May 5, 2013

A lesson in luck

So, you think carnivals and county fairs are all fun and games? Not everyone would agree.

Last week, a 30-year-old New Hampshire father suffered the third-worst thing that can happen to you at a carnival. (First, someone forgot to tighten the bolts on the Tilt-a-Whirl. Second, your teenage daughter runs away with “The Astounding Half Man-Half Crocodile!”)

That is, of course, he lost his entire life savings playing one of those impossible-to-win carnival games.

The tragic episode should serve to provide the rest of us with important lessons about life, and carnivals.

The poor victim, Henry Gribbohm, went to a Manchester, N.H., carnival with $300 in his pocket and a dream of using his mad ball-tossing skills to win his kids an Xbox Kinect. His game of choice was “Tubs of Fun,” which requires the contestant to toss two balls into a slanted bucket, without either bouncing out.

A couple of practice throws showed that the game was in fact a cinch to win, so Gribbohm handed over his $5.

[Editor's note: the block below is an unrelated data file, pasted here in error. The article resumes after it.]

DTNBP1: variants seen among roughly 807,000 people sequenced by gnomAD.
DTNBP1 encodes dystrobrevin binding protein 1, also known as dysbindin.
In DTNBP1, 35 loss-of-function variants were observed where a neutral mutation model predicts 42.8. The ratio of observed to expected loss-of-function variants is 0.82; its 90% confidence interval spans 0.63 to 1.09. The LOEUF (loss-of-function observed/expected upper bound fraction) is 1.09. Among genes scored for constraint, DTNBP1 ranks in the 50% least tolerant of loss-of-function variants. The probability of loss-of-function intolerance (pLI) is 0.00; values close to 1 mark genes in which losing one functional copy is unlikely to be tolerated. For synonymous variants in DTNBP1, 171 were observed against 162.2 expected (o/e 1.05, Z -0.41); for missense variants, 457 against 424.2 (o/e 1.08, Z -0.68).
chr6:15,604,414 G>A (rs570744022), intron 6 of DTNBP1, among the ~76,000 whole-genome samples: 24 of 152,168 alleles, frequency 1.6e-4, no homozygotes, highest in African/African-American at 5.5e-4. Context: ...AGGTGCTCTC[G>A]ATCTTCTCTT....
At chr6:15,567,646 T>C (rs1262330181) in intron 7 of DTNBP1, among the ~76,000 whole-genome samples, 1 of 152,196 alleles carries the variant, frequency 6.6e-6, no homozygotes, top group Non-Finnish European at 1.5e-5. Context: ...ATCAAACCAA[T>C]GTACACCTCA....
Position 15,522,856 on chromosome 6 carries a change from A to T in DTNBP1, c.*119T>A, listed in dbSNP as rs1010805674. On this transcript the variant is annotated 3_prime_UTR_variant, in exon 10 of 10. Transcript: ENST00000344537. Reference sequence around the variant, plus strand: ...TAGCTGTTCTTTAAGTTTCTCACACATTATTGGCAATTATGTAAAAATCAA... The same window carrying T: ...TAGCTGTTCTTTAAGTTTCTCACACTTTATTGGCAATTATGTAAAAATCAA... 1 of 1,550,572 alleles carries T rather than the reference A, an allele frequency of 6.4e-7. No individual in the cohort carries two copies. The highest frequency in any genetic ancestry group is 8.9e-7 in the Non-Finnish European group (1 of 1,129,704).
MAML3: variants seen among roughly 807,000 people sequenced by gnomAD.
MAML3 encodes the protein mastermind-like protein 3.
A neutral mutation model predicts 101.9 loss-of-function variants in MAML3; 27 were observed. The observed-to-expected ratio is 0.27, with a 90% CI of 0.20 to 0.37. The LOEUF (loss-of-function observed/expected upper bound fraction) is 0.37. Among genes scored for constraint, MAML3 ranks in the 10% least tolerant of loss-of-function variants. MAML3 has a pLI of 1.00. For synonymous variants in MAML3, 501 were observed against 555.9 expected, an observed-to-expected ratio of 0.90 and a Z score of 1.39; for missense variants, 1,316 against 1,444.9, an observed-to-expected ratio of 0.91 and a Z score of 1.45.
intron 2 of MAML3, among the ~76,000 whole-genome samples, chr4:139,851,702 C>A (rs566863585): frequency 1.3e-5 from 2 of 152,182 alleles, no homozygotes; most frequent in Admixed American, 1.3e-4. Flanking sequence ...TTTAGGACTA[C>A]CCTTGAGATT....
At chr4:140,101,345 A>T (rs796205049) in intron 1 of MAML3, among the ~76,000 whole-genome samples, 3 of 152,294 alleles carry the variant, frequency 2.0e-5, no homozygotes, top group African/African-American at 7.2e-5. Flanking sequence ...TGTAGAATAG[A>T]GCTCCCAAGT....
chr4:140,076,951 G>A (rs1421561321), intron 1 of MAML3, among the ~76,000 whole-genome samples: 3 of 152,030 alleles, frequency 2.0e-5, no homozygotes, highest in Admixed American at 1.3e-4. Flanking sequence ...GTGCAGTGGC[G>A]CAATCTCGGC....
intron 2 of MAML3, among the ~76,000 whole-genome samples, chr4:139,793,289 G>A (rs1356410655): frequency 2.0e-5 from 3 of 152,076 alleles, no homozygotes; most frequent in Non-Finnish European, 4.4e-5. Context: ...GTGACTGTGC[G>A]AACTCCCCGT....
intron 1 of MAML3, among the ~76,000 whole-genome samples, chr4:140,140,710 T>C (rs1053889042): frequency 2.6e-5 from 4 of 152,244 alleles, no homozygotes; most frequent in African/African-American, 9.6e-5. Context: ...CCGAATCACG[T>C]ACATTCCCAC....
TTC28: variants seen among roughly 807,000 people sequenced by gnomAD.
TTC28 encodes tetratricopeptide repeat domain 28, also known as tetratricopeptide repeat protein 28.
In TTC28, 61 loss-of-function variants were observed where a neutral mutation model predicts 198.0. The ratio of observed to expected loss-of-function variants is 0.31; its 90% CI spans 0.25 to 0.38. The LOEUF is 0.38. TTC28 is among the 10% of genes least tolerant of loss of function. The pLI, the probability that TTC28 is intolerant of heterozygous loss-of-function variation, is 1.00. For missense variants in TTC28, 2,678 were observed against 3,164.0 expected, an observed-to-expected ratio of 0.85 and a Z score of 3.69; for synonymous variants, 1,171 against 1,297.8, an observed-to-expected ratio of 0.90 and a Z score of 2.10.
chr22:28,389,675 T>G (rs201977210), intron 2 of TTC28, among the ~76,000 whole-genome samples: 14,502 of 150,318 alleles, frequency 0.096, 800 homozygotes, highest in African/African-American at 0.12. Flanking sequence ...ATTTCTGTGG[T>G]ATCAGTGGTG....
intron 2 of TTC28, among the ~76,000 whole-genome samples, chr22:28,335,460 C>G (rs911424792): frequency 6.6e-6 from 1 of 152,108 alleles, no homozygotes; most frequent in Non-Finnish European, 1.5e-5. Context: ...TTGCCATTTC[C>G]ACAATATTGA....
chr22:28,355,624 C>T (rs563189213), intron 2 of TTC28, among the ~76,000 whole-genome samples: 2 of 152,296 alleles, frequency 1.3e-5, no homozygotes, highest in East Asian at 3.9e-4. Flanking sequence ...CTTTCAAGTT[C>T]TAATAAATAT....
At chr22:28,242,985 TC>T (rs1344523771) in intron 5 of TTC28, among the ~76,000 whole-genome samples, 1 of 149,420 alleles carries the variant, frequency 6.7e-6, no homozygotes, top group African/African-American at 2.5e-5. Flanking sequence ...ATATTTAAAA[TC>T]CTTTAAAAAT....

It is here that I offer a real-life secret of the carnival industry. When you get a practice throw with one ball, the second ball is already sitting in the bucket. That ball blunts the momentum of the thrown ball, making it very easy to keep it from bouncing out. With no balls in the bucket, however, it’s virtually impossible to keep one from coming out.

Gribbohm lost and lost again. The game operator apparently offered him double or nothing — all his money back, plus the prize, and in no time, the $300 was gone. Who among us hasn’t lost $300 the same way?

Undaunted, and showing the admirable never-surrender American spirit, Gribbohm left the carnival, drove to the closest mall and purchased an Xbox Kinect anyway. Oh, wait, that’s wrong.

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